“At present, there have no actions concerning MIS staff that would necessitate any board action,” he said.

“Denver Public Schools supports the rights of our staff and our students to protest in a safe and respectful manner, but we are disappointed that their protest impacted enrichment and zero hour time for their students,” Pribble said.

Protesters also expressed concern that up to seven McAuliffe staff members may be terminated by the superintendent and board at the Thursday meeting as part of the expected move to strip innovation status from the middle school.

“It’s my understanding that the district is planning to fire multiple educators for doing things they were told to do by the district,” Kenney told the crowd. “These are great people who are put in impossible situations who requested training and support from the district on multiple occasions only to be met by silence. Who kept showing up for kids day in and day out, only to be fired for no fault of their own.”

In relation to any actions by the district against DPS employees, Pribble said that “due to our commitment to respect the privacy of our employees, we are not able to discuss actions by Human Resources.”

McAuliffe has been in the news for months. After the shooting at East High School last spring during a pat down, then-McAuliffe Principal Kurt Dennis told 9News that his staff also was at risk having to do pat-downs of a student who had been previously charged with attempted murder in an incident outside of school.

He did not name the student, but the superintendent fired him for violating student privacy protections.

Later, Anderson and several board members backed the termination by criticizing Dennis for overly harsh discipline in putting a student in a locked de-escalation room at school. Dennis has argued he was following district protocol and that the student was under observation until he could safely return to the classroom. Dennis has since sued the district and board in federal court over his firing.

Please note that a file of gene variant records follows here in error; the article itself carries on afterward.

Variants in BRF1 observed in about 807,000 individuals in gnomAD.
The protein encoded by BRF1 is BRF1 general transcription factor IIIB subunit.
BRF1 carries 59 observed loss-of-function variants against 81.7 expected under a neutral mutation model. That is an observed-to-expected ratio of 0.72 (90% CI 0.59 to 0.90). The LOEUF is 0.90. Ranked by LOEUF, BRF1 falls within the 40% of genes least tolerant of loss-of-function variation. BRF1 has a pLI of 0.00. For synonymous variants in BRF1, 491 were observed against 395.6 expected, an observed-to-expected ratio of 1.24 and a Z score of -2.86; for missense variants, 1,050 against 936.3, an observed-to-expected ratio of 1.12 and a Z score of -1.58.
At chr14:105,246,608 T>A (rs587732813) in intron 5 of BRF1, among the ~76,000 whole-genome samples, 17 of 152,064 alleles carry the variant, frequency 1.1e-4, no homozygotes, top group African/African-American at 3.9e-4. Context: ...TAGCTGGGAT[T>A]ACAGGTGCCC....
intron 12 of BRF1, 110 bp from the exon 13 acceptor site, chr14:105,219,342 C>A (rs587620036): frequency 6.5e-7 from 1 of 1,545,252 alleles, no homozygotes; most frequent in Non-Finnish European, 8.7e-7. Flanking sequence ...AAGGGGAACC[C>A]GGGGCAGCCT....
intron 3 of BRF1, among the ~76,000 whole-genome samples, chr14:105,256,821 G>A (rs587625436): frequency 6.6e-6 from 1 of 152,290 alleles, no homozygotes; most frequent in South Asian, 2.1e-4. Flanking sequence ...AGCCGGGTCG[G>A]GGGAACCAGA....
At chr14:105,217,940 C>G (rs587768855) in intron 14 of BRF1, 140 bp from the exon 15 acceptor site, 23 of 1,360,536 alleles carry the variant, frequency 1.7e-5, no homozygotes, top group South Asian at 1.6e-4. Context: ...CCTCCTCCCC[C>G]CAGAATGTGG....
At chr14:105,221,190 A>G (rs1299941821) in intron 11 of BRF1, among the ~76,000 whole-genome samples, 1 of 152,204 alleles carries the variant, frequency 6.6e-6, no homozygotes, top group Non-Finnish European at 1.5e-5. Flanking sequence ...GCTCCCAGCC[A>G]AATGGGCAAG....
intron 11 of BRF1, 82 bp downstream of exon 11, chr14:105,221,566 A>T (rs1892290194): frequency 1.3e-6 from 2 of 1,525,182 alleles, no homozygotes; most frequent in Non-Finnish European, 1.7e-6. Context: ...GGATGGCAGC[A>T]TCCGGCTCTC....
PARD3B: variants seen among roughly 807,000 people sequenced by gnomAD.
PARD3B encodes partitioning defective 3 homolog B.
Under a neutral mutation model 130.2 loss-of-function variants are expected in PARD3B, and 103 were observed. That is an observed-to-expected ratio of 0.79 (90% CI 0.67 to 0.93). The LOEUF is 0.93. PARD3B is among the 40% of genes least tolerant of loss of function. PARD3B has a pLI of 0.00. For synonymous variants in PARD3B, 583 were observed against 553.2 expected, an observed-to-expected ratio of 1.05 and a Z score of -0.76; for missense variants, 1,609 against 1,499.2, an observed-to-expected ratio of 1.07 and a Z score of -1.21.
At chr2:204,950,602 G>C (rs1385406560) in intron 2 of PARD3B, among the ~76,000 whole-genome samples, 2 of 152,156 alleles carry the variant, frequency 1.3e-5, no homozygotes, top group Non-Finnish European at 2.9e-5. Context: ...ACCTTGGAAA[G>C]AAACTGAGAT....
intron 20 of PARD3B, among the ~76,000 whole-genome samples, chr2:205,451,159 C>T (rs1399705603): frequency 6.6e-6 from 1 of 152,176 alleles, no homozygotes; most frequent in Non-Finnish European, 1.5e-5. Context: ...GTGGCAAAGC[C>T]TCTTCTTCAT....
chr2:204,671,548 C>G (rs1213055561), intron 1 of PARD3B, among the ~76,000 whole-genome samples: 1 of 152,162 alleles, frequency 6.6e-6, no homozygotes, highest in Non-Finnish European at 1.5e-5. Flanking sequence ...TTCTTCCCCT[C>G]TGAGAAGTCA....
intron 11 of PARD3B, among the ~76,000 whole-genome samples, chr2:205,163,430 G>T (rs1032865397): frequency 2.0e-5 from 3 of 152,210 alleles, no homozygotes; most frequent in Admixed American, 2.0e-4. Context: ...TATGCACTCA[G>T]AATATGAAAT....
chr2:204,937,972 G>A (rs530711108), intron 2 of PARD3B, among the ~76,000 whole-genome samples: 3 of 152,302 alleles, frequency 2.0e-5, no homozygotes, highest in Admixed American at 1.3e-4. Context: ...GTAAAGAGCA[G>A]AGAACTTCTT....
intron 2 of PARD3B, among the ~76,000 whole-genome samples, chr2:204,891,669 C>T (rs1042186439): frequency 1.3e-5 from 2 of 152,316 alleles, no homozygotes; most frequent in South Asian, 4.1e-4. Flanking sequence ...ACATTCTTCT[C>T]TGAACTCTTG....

The interim replacement principal, Micah Klaver, was put on administrative leave by the district three months ago for unspecified personnel reasons.

His father, Dick Klaver, was at the rally and said his son expects to be fired later this week even though the district has not disclosed why he was put on leave.

Support is strong for Assistant Principal Micah Klaver who is on unexplained administrative leave imposed by Supt. Alex Marrero. Photo: Brian Weber

Added Rustici: “They are basing it on an internal investigation that board members did over the summer, which was not a third-party investigation” and that would have performed more due diligence by contacting students and staff involved in the discipline practices at McAuliffe.

“There seems to be some sort of vendetta that this school board and this superintendent have against this school. It’s really frustrating to see this high-achieving middle school dismantled like this,” Rustici said.

McAuliffe International School, located at 2540 Holly Street, serves Central Park and North Park Hill neighborhoods with about 1,500 students in grades 6-8 who are 57% white, 18% Latino, 14% Black and the rest multi-race, Asian or Native American. McAuliffe placed in the top 5% of all schools in Colorado for overall test scores (math proficiency is top 5%, and reading proficiency is top 5%) in the most recent state rankings.